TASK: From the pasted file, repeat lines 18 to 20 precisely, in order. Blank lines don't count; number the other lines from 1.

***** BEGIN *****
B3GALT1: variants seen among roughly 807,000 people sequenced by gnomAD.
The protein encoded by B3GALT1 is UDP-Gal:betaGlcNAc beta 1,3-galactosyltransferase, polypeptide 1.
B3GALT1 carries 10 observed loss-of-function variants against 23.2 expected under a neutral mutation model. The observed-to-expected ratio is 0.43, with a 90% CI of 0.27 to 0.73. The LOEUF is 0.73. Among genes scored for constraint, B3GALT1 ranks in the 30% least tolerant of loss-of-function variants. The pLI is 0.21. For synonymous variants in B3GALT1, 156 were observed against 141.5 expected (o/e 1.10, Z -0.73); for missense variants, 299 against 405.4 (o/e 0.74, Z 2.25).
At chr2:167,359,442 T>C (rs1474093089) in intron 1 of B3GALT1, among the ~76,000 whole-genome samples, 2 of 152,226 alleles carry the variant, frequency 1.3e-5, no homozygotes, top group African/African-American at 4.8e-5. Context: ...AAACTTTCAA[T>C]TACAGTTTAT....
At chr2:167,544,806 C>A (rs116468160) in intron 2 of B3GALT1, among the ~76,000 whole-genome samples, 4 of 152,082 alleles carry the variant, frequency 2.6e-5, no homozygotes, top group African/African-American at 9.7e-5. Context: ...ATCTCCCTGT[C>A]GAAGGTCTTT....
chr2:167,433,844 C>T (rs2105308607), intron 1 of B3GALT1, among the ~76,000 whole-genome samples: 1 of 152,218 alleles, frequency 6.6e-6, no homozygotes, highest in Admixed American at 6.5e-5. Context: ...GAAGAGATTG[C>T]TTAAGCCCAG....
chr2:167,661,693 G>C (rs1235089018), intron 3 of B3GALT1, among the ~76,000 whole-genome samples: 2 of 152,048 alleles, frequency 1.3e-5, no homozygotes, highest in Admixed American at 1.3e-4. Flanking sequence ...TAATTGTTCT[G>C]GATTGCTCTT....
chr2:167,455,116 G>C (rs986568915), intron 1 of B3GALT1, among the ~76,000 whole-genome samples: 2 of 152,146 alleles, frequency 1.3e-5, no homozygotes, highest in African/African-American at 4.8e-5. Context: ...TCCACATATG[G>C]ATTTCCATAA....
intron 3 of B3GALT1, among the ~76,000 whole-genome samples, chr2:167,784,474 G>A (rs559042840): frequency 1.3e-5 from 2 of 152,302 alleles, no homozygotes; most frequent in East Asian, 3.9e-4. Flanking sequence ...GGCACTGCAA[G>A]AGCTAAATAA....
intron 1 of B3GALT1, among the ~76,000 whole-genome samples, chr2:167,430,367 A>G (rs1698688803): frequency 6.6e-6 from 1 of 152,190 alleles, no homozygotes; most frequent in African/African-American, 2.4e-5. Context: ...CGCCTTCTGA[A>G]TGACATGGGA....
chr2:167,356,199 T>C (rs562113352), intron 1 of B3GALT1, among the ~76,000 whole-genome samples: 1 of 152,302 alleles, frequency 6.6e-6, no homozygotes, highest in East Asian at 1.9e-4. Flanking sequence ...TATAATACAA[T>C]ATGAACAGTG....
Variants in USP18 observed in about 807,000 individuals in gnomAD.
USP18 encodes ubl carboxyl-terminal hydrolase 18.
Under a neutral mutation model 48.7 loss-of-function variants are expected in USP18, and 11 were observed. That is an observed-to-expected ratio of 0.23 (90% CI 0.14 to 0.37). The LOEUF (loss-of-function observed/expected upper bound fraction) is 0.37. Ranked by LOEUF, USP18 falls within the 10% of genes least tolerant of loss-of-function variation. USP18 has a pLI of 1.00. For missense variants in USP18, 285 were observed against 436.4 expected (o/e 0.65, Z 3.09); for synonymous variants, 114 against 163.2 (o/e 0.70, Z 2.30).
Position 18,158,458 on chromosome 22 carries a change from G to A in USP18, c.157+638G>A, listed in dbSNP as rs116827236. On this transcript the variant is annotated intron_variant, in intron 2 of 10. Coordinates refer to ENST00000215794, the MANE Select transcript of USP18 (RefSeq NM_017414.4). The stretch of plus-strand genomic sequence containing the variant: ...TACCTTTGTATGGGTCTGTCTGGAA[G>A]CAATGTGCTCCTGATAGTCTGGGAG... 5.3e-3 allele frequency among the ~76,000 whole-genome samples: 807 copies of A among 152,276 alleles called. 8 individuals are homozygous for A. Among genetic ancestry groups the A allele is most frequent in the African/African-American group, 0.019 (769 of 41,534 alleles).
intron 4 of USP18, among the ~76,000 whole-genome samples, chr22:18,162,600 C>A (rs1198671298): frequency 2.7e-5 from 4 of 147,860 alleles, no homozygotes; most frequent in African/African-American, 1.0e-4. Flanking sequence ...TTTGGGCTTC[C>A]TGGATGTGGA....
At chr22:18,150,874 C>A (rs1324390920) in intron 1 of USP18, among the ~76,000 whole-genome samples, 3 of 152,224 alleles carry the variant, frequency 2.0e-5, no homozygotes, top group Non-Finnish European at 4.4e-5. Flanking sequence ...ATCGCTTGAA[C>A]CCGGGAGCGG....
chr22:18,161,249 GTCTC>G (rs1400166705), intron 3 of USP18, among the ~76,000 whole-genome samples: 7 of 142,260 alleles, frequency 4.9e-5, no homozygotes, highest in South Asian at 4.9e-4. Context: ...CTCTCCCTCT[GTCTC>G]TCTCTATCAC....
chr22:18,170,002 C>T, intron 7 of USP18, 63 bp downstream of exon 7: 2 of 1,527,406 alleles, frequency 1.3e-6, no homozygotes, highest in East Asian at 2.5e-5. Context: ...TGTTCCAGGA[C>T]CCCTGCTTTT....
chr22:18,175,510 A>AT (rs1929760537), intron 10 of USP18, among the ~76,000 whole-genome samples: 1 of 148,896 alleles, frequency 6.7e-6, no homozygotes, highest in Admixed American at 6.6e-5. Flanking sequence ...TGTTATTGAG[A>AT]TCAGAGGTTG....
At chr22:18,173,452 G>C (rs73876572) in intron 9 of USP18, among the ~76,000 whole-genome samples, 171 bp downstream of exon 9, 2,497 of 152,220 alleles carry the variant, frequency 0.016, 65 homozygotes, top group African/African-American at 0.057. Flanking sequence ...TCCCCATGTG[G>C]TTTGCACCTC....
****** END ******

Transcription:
chr22:18,161,249 GTCTC>G (rs1400166705), intron 3 of USP18, among the ~76,000 whole-genome samples: 7 of 142,260 alleles, frequency 4.9e-5, no homozygotes, highest in South Asian at 4.9e-4. Context: ...CTCTCCCTCT[GTCTC>G]TCTCTATCAC....
chr22:18,170,002 C>T, intron 7 of USP18, 63 bp downstream of exon 7: 2 of 1,527,406 alleles, frequency 1.3e-6, no homozygotes, highest in East Asian at 2.5e-5. Context: ...TGTTCCAGGA[C>T]CCCTGCTTTT....
chr22:18,175,510 A>AT (rs1929760537), intron 10 of USP18, among the ~76,000 whole-genome samples: 1 of 148,896 alleles, frequency 6.7e-6, no homozygotes, highest in Admixed American at 6.6e-5. Flanking sequence ...TGTTATTGAG[A>AT]TCAGAGGTTG....